[lit-ideas] Re: Amis Antithesis
- From: Eric Yost <eyost1132@xxxxxxxxxxxxx>
- To: lit-ideas@xxxxxxxxxxxxx
- Date: Wed, 20 Sep 2006 16:50:23 -0400
Just a little overkill on the Clinton/China topic:
Recently President Clinton signed the US China Relations Act
of 2000. Rather than ushering in a new era, granting China
permanent normal trade status simply ratifies the status
quo. China will continue to profit from their exports
without the yearly review of embarrassing issues like trade,
human rights, or nuclear weapons proliferation. During the
Rose Garden signing ceremony Clinton remarked, "In case you
all have forgotten, this thing was hard to pass. This was a
lot of trouble."
Clinton's trouble with China began before his re-election in
1996. To defeat the Republicans, the Democratic party needed
a quick infusion of cash to pay for campaign ads. Clinton
turned to his Chinese connection, old friends Johnny Chung,
John Huang, and Charlie Trie. They headed a shadowy cast of
characters that funneled millions of dollars into democratic
Bill Clinton took contributions he knew came from China, and
played another angle as well. US companies wanted to sell
China military technology, but the sales were prohibited by
law. Economic sanctions for the Tiananmen square massacre
and restrictions on technology exports prevented these
companies from selling China the armaments they wanted.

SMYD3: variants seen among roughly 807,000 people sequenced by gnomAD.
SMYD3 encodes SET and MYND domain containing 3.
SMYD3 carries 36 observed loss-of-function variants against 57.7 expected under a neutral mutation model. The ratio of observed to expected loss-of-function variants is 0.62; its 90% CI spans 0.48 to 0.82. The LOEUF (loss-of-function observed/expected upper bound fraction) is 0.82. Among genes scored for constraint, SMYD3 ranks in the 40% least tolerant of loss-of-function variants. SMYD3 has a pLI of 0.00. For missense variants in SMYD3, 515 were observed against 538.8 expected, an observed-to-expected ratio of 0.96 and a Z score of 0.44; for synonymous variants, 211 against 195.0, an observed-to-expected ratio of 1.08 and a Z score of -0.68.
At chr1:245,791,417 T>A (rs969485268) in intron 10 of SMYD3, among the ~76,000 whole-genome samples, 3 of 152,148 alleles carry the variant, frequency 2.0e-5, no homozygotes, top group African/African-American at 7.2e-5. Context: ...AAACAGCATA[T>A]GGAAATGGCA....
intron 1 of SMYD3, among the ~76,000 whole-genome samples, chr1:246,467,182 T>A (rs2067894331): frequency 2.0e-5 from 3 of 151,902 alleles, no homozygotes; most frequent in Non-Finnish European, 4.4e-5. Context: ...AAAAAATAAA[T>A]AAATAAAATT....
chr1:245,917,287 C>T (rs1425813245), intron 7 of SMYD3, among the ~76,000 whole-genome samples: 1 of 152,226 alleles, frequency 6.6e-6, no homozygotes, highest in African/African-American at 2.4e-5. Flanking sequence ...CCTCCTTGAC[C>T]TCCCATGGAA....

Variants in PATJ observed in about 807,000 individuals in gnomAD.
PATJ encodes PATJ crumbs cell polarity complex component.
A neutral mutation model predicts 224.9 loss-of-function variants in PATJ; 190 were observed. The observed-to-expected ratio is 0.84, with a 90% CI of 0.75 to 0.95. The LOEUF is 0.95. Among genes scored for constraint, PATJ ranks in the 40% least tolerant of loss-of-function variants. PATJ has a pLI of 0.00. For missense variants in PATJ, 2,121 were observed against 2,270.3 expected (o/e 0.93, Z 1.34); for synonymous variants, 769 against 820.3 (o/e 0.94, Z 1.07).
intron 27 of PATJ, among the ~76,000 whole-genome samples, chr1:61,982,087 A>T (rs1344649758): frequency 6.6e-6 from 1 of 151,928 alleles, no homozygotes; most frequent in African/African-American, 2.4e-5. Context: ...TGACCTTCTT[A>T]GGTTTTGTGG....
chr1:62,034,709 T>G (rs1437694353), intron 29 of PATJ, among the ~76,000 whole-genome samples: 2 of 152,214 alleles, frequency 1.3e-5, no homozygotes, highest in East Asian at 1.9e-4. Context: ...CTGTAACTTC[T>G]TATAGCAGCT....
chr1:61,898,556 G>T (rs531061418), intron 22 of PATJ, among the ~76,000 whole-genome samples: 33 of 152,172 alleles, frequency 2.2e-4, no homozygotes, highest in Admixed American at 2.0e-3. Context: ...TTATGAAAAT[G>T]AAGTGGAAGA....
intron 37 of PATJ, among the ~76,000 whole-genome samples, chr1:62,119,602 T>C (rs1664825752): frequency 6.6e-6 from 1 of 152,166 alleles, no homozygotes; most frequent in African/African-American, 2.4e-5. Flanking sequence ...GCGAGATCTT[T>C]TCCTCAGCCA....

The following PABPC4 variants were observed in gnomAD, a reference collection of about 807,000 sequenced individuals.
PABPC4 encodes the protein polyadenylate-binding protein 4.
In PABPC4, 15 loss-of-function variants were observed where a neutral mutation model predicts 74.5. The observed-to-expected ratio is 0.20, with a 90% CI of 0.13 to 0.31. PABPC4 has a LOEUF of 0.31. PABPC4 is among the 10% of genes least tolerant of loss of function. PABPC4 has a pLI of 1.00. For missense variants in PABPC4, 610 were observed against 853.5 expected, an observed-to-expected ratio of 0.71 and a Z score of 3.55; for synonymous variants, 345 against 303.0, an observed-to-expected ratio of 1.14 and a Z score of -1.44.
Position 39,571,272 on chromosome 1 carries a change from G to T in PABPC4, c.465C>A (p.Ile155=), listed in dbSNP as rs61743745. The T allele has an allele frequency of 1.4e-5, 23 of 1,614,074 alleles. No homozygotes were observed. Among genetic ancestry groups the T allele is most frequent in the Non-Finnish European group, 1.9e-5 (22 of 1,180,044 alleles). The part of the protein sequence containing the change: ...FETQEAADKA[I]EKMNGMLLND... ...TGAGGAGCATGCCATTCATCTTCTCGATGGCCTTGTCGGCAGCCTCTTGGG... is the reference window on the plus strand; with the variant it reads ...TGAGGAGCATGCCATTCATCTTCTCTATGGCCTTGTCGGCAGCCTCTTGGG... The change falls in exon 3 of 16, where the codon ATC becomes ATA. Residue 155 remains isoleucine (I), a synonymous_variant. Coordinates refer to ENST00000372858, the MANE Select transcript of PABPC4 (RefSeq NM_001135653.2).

In return for campaign contributions, the President shifted
regulation of technology exports from the State Department
to the free-wheeling Commerce department. The administration
also relaxed export controls and allowed corporations to
decide if their technology transfers were legal or not. When
easing restrictions wasn't enough, Clinton signed waivers
that simply circumvented the law. The President's waivers
allowed the export of machine tools, defense electronics,
and even a communications system for the Chinese Air Force.
Bernard Schwartz and Michael Armstrong, the CEOs of Loral
and Hughes, each donated over one million dollars to
Clinton's re-election campaign. These companies had an
interest in seeing China develop reliable missiles to loft
their satellites into orbit. Clinton arranged direct talks
between Bernard Schwartz and a Chinese general to improve
China's rocket technology. Michael Armstrong was made head
of the Export Advisory Council. Both companies were allowed
to upgrade the launching and guidance of China's missiles.
Clinton even involved the Department of Energy, caretaker of
our nuclear weapons, in his fundraising schemes. In 1994 and
'95 then Energy Secretary Hazel O'Leary accompanied Johnny
Chung, John Huang, Charlie Trie, and Bernard Schwartz on
trade missions to China. Shortly afterward the DOE relaxed
security at US weapons labs. Wen Ho Lee, an ethnic Chinese
physicist assigned to Los Alamos, illegally transferred data
on nuclear warheads to his private computer files.
In June of 1995, the CIA learned that China had stolen the
crown jewels of our nuclear arsenal, including the neutron
bomb and the W-88 miniaturized warhead. Later that year
National Security Advisor Anthony Lake is briefed on the
thefts. He is replaced on the Security Council by Sandy
Berger, a former lobbyist for the Chinese government. In
June of 1996, before Bill Clinton's re-election, the FBI
opens a formal investigation into the theft of US nuclear
Proof of China's military intentions came in March of 1996,
on the eve of Taiwan's first democratic elections. China
used the threat of force to intimidate the island nation
into electing a pro-Beijing candidate. Military maneuvers
included bombing runs and launching ballistic missiles that
impacted within twenty miles of Taiwan. When the US sent an
aircraft carrier into the Taiwan Straits, a Chinese general
threatened to "rain down nukes upon Los Angeles".